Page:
Claire Mesnil, Stéfanie Raulier, Geneviève Paulissen, Xue Xiao, Mark A. Birrell, Dimitri Pirottin, Thibaut Janss, Philipp Starkl, Eve Ramery, Monique Henket, Florence N. Schleich, Marc Radermecker, Kris Thielemans, Laurent Gillet, Marc Thiry, Maria G. Belvisi, Renaud Louis, Christophe Desmet, Thomas Marichal, Fabrice Bureau
Dietary protein intake is linked to an increased incidence of type 2 diabetes (T2D). Although dietary protein dilution (DPD) can slow the progression of some aging-related disorders, whether this strategy affects the development and risk for obesity-associated metabolic disease such as T2D is unclear. Here, we determined that DPD in mice and humans increases serum markers of metabolic health. In lean mice, DPD promoted metabolic inefficiency by increasing carbohydrate and fat oxidation. In nutritional and polygenic murine models of obesity, DPD prevented and curtailed the development of impaired glucose homeostasis independently of obesity and food intake. DPD-mediated metabolic inefficiency and improvement of glucose homeostasis were independent of uncoupling protein 1 (UCP1), but required expression of liver-derived fibroblast growth factor 21 (FGF21) in both lean and obese mice. FGF21 expression and secretion as well as the associated metabolic remodeling induced by DPD also required induction of liver-integrated stress response–driven nuclear protein 1 (NUPR1). Insufficiency of select nonessential amino acids (NEAAs) was necessary and adequate for NUPR1 and subsequent FGF21 induction and secretion in hepatocytes in vitro and in vivo. Taken together, these data indicate that DPD promotes improved glucose homeostasis through an NEAA insufficiency–induced liver NUPR1/FGF21 axis.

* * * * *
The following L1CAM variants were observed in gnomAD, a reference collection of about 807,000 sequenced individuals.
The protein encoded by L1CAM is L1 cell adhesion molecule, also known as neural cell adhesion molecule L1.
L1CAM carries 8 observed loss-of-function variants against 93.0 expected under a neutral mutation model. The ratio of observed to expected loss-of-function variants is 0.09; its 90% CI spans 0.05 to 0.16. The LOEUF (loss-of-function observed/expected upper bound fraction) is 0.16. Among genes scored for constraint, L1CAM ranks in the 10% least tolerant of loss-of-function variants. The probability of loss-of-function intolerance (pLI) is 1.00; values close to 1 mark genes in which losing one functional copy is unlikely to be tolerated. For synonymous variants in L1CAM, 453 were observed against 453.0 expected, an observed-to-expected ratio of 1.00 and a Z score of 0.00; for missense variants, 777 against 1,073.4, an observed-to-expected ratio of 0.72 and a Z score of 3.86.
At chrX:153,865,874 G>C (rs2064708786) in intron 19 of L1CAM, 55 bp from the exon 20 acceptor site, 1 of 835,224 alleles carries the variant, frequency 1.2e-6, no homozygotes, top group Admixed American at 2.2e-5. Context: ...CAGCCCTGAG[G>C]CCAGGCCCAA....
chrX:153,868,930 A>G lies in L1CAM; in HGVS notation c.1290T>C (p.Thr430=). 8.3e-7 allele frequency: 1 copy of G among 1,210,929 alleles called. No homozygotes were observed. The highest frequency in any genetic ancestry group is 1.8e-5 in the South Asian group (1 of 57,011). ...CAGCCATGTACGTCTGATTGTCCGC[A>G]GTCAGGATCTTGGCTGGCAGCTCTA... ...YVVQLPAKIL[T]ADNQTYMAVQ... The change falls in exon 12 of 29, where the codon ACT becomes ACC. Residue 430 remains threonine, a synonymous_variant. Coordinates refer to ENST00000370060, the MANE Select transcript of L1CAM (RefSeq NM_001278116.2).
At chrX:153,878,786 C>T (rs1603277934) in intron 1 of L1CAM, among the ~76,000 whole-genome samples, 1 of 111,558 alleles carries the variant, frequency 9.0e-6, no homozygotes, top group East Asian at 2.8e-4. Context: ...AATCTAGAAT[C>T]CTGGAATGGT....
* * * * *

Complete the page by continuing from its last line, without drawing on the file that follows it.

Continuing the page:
Adriano Maida, Annika Zota, Kim A. Sjøberg, Jonas Schumacher, Tjeerd P. Sijmonsma, Anja Pfenninger, Marie M. Christensen, Thomas Gantert, Jessica Fuhrmeister, Ulrike Rothermel, Dieter Schmoll, Mathias Heikenwälder, Juan L. Iovanna, Kerstin Stemmer, Bente Kiens, Stephan Herzig, Adam J. Rose